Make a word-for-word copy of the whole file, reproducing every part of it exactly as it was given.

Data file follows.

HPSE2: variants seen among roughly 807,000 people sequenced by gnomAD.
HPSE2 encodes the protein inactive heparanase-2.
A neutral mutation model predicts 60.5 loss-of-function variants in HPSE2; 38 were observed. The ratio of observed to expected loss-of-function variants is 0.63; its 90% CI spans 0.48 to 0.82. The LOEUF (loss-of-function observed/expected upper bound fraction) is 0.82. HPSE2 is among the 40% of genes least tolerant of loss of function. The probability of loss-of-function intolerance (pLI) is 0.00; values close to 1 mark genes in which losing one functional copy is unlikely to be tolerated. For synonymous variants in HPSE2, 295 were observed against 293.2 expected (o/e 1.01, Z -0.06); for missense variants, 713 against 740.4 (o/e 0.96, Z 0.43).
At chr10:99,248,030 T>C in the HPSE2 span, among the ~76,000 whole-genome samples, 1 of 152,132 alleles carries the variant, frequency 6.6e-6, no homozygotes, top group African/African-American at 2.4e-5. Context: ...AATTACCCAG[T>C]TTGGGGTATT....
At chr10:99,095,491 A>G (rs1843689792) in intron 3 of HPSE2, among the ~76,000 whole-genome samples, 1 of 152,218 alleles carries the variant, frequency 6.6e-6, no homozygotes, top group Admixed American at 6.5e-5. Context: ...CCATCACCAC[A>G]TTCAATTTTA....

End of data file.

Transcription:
HPSE2: variants seen among roughly 807,000 people sequenced by gnomAD.
HPSE2 encodes the protein inactive heparanase-2.
A neutral mutation model predicts 60.5 loss-of-function variants in HPSE2; 38 were observed. The ratio of observed to expected loss-of-function variants is 0.63; its 90% CI spans 0.48 to 0.82. The LOEUF (loss-of-function observed/expected upper bound fraction) is 0.82. HPSE2 is among the 40% of genes least tolerant of loss of function. The probability of loss-of-function intolerance (pLI) is 0.00; values close to 1 mark genes in which losing one functional copy is unlikely to be tolerated. For synonymous variants in HPSE2, 295 were observed against 293.2 expected (o/e 1.01, Z -0.06); for missense variants, 713 against 740.4 (o/e 0.96, Z 0.43).
At chr10:99,248,030 T>C in the HPSE2 span, among the ~76,000 whole-genome samples, 1 of 152,132 alleles carries the variant, frequency 6.6e-6, no homozygotes, top group African/African-American at 2.4e-5. Context: ...AATTACCCAG[T>C]TTGGGGTATT....
At chr10:99,095,491 A>G (rs1843689792) in intron 3 of HPSE2, among the ~76,000 whole-genome samples, 1 of 152,218 alleles carries the variant, frequency 6.6e-6, no homozygotes, top group Admixed American at 6.5e-5. Context: ...CCATCACCAC[A>G]TTCAATTTTA....